Thursday, April 6, 2017

When "Failure" Isn't: America's Wars

When “Failure” Isn’t: America’s Wars
P. Schultz

            Below you will find a link to an article by Tom Engelhardt, “Demobilizing America,” about the current state of our war-making state and why, even in the face of the Trump presidency, there is so little anti-war protest going on in these United States.

Engelhardt is quite good and largely correct, first, about our continual war-making and, second, that “In our era, war, like the Pentagon budget and the growing powers of the national security state, has been inoculated against the virus of citizen involvement, and so against any significant form of criticism or resistance.”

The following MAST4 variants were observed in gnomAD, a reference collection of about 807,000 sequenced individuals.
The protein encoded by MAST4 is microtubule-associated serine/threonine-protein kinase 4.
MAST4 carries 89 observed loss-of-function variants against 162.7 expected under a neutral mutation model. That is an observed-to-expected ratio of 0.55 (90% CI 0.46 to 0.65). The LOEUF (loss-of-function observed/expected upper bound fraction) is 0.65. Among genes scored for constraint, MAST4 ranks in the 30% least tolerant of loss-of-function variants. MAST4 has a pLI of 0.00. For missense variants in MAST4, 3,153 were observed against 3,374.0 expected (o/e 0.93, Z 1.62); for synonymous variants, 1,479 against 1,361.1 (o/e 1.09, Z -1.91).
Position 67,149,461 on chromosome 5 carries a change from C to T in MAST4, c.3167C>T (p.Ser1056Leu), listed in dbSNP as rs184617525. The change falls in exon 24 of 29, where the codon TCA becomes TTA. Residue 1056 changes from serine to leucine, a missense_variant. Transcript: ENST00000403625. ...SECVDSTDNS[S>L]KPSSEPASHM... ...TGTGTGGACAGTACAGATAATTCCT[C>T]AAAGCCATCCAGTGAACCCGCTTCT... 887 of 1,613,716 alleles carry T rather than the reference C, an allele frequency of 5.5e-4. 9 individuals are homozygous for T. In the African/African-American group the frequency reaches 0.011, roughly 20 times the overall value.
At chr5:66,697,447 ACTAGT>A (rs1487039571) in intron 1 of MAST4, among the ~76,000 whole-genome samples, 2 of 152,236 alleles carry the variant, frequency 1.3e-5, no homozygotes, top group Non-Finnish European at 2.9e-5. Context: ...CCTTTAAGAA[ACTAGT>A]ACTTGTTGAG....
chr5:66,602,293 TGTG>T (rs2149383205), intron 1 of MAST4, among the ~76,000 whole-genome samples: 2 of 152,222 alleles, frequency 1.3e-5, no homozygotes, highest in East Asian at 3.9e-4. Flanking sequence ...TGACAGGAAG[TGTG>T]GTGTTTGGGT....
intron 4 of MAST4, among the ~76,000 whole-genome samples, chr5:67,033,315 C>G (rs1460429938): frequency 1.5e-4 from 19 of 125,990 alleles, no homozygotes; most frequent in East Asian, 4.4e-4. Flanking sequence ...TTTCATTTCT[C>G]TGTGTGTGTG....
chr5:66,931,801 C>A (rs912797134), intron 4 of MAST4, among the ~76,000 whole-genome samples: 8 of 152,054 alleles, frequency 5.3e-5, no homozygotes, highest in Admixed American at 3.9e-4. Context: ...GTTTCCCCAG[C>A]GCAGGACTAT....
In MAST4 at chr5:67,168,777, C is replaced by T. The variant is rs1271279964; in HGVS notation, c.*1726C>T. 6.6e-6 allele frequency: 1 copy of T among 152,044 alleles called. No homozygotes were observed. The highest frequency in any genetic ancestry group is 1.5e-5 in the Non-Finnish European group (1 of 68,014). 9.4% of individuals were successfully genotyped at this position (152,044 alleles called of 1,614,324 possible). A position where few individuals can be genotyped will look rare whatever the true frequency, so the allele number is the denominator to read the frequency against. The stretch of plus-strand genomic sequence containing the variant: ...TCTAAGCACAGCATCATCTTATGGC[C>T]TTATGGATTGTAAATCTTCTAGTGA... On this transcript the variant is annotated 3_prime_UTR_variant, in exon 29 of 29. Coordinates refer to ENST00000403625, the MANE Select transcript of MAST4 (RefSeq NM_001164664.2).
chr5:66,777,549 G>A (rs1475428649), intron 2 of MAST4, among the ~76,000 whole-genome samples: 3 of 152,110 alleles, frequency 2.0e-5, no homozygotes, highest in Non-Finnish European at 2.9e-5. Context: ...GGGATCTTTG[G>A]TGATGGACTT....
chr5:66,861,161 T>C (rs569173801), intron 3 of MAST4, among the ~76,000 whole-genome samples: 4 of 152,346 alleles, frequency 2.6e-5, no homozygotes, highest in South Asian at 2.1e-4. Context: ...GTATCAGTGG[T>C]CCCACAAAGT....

But what he doesn't get is that what he labels "failed wars" are not failures at all from the viewpoint of our establishment, that is, both mainstream Republicans and Democrats, because the goals are destruction, death, and instability among several nations including Iraq, Syria, Afghanistan, and probably, covertly, Iran. This is why these wars continue, why trillions of dollars have been and continue to be spent on them, and why it is compulsory when in public "to eternally thank and praise America’s “warriors” for their deeds and efforts."

Ala' Bob Dylan: "There ain't no success like failure and failure ain't no success at all."